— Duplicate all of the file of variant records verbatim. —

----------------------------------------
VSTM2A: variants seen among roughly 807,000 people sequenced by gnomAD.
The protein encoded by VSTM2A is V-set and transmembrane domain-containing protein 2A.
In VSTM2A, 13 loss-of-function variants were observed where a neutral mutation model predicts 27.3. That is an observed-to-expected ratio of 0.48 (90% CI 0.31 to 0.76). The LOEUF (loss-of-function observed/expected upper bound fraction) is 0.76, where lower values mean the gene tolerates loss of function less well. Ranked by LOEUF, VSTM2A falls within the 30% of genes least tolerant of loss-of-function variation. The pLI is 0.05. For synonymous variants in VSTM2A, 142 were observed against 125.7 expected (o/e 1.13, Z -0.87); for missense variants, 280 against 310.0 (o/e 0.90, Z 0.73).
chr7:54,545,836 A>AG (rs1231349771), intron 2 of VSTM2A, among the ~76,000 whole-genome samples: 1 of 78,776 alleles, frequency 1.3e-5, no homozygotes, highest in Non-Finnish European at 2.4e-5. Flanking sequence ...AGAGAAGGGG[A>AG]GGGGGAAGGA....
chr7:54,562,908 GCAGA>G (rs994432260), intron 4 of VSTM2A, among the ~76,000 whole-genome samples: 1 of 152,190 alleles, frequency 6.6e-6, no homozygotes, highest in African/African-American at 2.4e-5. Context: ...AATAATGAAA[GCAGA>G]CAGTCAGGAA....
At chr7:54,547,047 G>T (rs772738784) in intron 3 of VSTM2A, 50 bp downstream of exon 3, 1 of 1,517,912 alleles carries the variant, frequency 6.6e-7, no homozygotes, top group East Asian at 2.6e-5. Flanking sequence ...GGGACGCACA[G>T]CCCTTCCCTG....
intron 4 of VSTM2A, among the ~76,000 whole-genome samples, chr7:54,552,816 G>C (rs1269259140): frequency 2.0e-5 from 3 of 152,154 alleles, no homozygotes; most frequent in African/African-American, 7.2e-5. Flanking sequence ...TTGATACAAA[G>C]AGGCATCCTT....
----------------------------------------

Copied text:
VSTM2A: variants seen among roughly 807,000 people sequenced by gnomAD.
The protein encoded by VSTM2A is V-set and transmembrane domain-containing protein 2A.
In VSTM2A, 13 loss-of-function variants were observed where a neutral mutation model predicts 27.3. That is an observed-to-expected ratio of 0.48 (90% CI 0.31 to 0.76). The LOEUF (loss-of-function observed/expected upper bound fraction) is 0.76, where lower values mean the gene tolerates loss of function less well. Ranked by LOEUF, VSTM2A falls within the 30% of genes least tolerant of loss-of-function variation. The pLI is 0.05. For synonymous variants in VSTM2A, 142 were observed against 125.7 expected (o/e 1.13, Z -0.87); for missense variants, 280 against 310.0 (o/e 0.90, Z 0.73).
chr7:54,545,836 A>AG (rs1231349771), intron 2 of VSTM2A, among the ~76,000 whole-genome samples: 1 of 78,776 alleles, frequency 1.3e-5, no homozygotes, highest in Non-Finnish European at 2.4e-5. Flanking sequence ...AGAGAAGGGG[A>AG]GGGGGAAGGA....
chr7:54,562,908 GCAGA>G (rs994432260), intron 4 of VSTM2A, among the ~76,000 whole-genome samples: 1 of 152,190 alleles, frequency 6.6e-6, no homozygotes, highest in African/African-American at 2.4e-5. Context: ...AATAATGAAA[GCAGA>G]CAGTCAGGAA....
At chr7:54,547,047 G>T (rs772738784) in intron 3 of VSTM2A, 50 bp downstream of exon 3, 1 of 1,517,912 alleles carries the variant, frequency 6.6e-7, no homozygotes, top group East Asian at 2.6e-5. Flanking sequence ...GGGACGCACA[G>T]CCCTTCCCTG....
intron 4 of VSTM2A, among the ~76,000 whole-genome samples, chr7:54,552,816 G>C (rs1269259140): frequency 2.0e-5 from 3 of 152,154 alleles, no homozygotes; most frequent in African/African-American, 7.2e-5. Flanking sequence ...TTGATACAAA[G>C]AGGCATCCTT....